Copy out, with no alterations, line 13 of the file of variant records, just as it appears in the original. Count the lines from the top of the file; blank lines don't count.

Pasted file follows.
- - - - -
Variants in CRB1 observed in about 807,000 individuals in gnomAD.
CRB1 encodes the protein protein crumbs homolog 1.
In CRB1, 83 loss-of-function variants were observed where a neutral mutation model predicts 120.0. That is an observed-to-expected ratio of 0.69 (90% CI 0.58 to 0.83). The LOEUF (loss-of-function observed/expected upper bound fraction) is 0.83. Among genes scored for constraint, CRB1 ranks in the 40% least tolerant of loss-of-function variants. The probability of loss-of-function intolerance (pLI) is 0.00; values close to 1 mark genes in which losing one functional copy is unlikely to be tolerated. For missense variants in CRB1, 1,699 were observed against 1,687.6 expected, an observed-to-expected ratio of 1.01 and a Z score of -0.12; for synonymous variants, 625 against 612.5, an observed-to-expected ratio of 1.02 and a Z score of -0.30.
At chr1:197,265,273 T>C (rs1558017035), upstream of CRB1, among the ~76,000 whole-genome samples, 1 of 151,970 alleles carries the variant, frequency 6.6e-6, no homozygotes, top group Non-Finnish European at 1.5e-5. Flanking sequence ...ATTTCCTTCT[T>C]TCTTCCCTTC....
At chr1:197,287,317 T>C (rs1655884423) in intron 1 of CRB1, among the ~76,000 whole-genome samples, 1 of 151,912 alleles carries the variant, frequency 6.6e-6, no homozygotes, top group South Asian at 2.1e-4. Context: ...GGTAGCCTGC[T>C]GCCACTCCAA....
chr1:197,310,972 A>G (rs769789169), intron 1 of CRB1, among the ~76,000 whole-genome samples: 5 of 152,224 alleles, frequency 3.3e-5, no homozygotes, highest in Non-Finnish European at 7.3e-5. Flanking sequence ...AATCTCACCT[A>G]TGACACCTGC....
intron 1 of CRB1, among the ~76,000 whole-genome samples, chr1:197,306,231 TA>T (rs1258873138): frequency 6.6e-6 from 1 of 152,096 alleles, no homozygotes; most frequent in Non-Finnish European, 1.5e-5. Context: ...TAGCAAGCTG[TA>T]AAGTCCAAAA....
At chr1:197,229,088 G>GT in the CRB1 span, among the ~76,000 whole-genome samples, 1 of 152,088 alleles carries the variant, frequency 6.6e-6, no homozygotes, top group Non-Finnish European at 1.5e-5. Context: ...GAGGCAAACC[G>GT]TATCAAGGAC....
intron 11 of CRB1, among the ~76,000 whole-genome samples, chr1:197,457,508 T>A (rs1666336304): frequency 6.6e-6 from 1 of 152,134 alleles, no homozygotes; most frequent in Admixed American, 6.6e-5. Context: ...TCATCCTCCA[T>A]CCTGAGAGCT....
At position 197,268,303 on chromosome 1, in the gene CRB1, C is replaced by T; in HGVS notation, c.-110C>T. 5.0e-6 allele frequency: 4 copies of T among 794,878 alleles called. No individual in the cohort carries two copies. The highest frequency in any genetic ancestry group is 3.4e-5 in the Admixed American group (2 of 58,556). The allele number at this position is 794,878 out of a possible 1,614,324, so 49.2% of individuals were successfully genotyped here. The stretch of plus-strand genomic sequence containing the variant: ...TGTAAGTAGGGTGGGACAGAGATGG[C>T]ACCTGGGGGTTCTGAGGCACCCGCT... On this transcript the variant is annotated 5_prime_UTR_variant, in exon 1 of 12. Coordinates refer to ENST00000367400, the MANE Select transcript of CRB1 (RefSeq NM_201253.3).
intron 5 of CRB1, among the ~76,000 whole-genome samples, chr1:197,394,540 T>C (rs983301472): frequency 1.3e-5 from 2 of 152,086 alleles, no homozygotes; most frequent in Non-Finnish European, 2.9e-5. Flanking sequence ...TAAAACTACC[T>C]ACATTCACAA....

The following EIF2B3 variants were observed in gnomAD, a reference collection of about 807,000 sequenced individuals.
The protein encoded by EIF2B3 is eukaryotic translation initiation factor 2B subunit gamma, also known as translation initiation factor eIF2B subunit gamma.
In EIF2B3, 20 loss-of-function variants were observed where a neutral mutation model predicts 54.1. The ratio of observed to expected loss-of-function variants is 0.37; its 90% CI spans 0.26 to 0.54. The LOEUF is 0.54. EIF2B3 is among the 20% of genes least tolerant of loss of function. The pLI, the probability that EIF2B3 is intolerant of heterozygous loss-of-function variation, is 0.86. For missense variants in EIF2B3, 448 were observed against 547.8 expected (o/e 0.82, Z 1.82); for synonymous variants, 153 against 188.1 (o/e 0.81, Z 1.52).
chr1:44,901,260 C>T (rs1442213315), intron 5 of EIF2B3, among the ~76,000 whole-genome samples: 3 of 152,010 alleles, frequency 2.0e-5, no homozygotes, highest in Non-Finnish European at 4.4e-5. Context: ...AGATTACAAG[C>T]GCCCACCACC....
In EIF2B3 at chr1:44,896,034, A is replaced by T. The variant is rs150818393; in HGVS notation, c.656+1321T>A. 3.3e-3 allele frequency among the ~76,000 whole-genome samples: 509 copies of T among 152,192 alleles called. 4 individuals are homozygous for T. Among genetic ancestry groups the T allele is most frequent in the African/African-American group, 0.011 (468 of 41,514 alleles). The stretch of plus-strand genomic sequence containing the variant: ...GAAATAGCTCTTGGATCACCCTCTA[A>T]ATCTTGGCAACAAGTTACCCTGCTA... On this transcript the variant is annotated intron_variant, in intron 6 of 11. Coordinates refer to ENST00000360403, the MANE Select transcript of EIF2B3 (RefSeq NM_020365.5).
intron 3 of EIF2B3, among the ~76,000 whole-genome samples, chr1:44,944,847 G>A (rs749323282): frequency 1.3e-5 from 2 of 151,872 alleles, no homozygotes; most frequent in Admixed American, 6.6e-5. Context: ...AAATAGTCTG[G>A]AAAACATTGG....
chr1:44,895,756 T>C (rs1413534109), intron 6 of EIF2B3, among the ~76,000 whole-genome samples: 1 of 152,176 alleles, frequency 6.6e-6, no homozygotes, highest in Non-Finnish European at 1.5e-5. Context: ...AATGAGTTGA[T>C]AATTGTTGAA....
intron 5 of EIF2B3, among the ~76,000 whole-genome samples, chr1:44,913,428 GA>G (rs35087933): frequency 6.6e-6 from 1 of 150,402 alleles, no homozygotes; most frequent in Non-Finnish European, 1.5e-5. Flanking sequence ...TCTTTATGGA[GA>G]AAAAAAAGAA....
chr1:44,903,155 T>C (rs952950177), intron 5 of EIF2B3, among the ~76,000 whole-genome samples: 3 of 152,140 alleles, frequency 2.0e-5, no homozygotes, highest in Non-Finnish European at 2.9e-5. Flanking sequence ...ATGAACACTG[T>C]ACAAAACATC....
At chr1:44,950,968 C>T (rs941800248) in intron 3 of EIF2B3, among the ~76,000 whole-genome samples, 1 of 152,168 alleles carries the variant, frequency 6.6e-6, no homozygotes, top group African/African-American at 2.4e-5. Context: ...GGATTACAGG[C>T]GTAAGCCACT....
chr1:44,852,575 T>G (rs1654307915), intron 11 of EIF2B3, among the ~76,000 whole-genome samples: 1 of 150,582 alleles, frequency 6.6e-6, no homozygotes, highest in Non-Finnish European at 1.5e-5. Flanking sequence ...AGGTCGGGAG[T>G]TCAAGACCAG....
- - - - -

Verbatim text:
The protein encoded by EIF2B3 is eukaryotic translation initiation factor 2B subunit gamma, also known as translation initiation factor eIF2B subunit gamma.